U.S. Secretary of Education Arne Duncan Joins Mayors Bloomberg, Villaraigosa and Emanuel for "Education Now: Cities at the Forefront of Reform"

March 2 | U.S. Department of Education

City Superintendents will also participate, highlight local efforts to improve education in nation's three largest schools districts: New York, Los Angeles and Chicago

U.S. Secretary of Education Arne Duncan will join New York City Mayor Michael Bloomberg, Los Angeles Mayor Antonio Villaraigosa and Chicago Mayor Rahm Emanuel together with their Superintendents, Dennis Walcott, John Deasy and Jean-Claude Brizard, to host a forum titled, "Education Now: Cities at the Forefront of Reform." The forum will be held Friday, March 2, from 10 to 11 a.m. EST at American University.

NBC's Andrea Mitchell, host of MSNBC's "Andrea Mitchell Reports," will moderate the forum and engage the group in a dialogue about education successes and challenges. Duncan and local leaders will discuss a variety of issues including accountability, school management, strengthening the teaching profession, and the importance of school leadership while also highlighting efforts underway to expand access to a high-quality education and improve student outcomes in New York, Los Angeles and Chicago.

Collectively, these three school districts serve nearly 2.5 million students, 77% of whom are poor and 88% of whom are minority.

This event will be webcasted live at 10 a.m. EST(7 AM PST). To watch, go to http://www.ustream.tv/channel/education-department. Viewers are also invited to join the conversation on Twitter at #EdCities.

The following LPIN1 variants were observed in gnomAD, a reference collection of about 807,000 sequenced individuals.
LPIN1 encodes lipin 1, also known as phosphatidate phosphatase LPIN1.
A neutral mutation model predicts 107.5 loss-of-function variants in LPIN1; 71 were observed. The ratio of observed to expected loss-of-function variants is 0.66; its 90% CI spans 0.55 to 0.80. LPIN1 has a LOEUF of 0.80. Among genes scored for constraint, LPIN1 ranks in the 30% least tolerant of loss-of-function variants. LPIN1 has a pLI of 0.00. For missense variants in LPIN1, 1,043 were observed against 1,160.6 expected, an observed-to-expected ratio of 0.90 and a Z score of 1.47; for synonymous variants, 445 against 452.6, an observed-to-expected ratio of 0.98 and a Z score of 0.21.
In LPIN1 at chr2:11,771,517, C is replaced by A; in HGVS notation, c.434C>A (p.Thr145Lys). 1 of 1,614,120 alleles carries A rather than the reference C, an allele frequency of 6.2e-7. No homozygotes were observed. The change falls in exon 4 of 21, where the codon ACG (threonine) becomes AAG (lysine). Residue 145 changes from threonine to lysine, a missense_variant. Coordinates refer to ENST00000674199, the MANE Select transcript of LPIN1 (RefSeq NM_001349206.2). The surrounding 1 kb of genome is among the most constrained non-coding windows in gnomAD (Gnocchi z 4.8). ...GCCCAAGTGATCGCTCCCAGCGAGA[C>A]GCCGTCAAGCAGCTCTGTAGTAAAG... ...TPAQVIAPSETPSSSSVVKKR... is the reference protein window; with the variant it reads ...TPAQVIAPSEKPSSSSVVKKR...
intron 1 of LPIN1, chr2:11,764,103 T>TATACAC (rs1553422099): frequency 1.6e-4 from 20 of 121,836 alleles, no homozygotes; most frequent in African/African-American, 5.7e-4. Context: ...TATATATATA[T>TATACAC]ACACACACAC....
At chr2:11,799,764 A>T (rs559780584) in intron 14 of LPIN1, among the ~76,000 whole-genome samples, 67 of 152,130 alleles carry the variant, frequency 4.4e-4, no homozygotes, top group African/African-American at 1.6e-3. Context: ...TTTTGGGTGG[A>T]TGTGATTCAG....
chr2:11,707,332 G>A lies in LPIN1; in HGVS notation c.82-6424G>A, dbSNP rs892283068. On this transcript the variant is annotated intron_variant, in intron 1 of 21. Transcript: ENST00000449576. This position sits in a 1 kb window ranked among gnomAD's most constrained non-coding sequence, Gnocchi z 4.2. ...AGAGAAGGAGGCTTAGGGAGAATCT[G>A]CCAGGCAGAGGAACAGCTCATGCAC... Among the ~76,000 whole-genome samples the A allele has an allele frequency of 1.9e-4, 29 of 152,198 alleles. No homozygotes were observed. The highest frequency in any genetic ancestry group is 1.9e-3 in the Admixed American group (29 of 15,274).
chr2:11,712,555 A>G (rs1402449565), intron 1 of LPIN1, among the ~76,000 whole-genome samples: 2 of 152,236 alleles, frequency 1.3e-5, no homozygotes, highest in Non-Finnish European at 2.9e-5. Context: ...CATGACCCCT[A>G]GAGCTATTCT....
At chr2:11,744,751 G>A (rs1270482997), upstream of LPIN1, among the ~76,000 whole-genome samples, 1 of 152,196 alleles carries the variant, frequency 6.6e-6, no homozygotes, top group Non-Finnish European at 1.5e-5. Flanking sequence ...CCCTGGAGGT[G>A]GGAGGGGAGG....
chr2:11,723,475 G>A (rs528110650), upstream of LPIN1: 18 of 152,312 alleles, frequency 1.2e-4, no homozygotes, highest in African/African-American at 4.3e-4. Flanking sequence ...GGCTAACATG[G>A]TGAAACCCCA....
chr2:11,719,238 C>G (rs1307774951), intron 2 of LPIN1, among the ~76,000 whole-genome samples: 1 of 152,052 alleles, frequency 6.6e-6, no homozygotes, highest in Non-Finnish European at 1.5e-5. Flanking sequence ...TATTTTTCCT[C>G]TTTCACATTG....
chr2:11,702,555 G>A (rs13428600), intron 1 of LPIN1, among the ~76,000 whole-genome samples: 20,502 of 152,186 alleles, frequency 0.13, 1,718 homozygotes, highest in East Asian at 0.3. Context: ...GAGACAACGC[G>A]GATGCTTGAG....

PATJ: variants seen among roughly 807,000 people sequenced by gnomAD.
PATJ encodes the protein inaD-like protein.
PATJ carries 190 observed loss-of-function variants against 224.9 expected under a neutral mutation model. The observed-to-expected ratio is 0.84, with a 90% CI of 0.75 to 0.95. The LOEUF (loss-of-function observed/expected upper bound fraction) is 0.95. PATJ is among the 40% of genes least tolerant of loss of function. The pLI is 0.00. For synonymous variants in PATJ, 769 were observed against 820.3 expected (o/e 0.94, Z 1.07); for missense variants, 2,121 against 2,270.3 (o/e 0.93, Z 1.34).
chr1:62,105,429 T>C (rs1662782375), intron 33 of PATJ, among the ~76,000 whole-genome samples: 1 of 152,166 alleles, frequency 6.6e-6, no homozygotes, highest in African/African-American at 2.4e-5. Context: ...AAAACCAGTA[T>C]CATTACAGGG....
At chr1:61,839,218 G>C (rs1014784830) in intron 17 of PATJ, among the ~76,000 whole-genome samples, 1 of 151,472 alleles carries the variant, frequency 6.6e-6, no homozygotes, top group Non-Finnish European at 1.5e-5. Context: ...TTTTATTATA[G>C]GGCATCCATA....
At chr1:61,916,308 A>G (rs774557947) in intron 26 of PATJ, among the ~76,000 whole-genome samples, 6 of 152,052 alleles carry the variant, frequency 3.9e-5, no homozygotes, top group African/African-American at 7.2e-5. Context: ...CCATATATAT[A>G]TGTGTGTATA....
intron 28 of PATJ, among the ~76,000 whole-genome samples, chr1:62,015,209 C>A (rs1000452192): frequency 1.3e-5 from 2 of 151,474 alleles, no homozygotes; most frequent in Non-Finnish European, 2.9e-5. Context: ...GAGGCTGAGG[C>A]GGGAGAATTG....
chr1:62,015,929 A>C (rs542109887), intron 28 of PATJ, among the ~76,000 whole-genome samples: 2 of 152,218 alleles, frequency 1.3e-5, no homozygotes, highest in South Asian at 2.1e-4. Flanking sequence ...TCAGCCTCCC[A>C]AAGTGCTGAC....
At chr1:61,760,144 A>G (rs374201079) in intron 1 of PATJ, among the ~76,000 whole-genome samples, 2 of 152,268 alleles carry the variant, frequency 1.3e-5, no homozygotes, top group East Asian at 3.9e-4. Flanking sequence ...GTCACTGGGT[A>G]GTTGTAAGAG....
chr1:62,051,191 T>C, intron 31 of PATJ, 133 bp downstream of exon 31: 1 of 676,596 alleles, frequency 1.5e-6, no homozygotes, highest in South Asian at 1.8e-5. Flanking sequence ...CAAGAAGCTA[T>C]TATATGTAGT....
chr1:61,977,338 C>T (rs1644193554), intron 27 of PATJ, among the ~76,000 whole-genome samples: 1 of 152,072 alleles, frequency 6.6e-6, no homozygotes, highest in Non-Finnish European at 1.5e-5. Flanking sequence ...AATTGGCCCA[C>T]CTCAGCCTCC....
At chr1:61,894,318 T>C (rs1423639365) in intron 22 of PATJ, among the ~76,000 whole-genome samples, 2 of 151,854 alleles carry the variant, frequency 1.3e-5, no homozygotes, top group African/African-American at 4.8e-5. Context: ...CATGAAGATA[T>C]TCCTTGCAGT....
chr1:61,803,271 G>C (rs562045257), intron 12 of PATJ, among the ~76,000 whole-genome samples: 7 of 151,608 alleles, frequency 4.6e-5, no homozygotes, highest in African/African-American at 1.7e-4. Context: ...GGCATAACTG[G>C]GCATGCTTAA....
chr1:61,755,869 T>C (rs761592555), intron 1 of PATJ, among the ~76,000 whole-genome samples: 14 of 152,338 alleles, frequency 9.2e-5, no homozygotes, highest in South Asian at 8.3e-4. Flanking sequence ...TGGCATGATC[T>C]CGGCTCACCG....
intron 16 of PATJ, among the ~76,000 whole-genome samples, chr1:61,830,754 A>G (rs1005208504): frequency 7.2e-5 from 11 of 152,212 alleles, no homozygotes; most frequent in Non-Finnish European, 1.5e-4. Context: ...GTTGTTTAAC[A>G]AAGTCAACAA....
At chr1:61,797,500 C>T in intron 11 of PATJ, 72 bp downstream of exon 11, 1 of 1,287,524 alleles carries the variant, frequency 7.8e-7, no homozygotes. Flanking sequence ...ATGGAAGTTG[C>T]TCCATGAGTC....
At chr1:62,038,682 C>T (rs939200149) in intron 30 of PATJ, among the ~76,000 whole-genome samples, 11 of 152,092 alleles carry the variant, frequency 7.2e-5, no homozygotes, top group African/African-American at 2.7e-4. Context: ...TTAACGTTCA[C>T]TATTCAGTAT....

S.F. school board drops seniority in layoffs

March 1 | The San Francisco Chronicle

By Jill Tucker

Teacher Kathleen Florita recited from memory a note she received from a student at San Francisco's historically low-performing Everett Middle School.

"Please don't leave like everyone else does," wrote the student.

Florita would have been among the first to get a pink slip this year in what has become an annual ritual of teacher layoffs based on her low seniority.

It appears not this year.

The San Francisco school board set aside seniority rights Tuesday night to save the jobs of 70 low-seniority teachers in 14 low-performing schools. Many of the teachers were brought in just last year to help improve the schools.

The board's decision, on a 5-1 vote, would protect teachers in those schools - even those without seniority - when the district issues layoff notices in March. State law requires that the final decision to deviate from seniority in the layoff process be left to an administrative law judge.

Gov. Jerry Brown changes route, restores bus money next year

February 15 | Capitol Alert

By Kevin Yamamura

Gov. Jerry Brown reversed course this week by restoring $496 million in school bus money in his budget proposal for next fiscal year after facing criticism from education groups.

The decision comes after the governor signed legislation Friday that restored bus funding for the remainder of the current school year after districts lost that money in December's midyear cuts. Brown quietly issued a new education budget plan this week ahead of a Thursday state Senate hearing.

Brown's reversal in 2012-13 comes with some caveats. First, it relies on voters approving his plan to raise income taxes on the wealthy earners, as well as sales taxes by a half cent. It allows districts to spend their bus money on other purposes. And the governor intends to eliminate school transportation earmarks in 2013-14, though districts may receive funding in a new form allowing them to maintain bus service.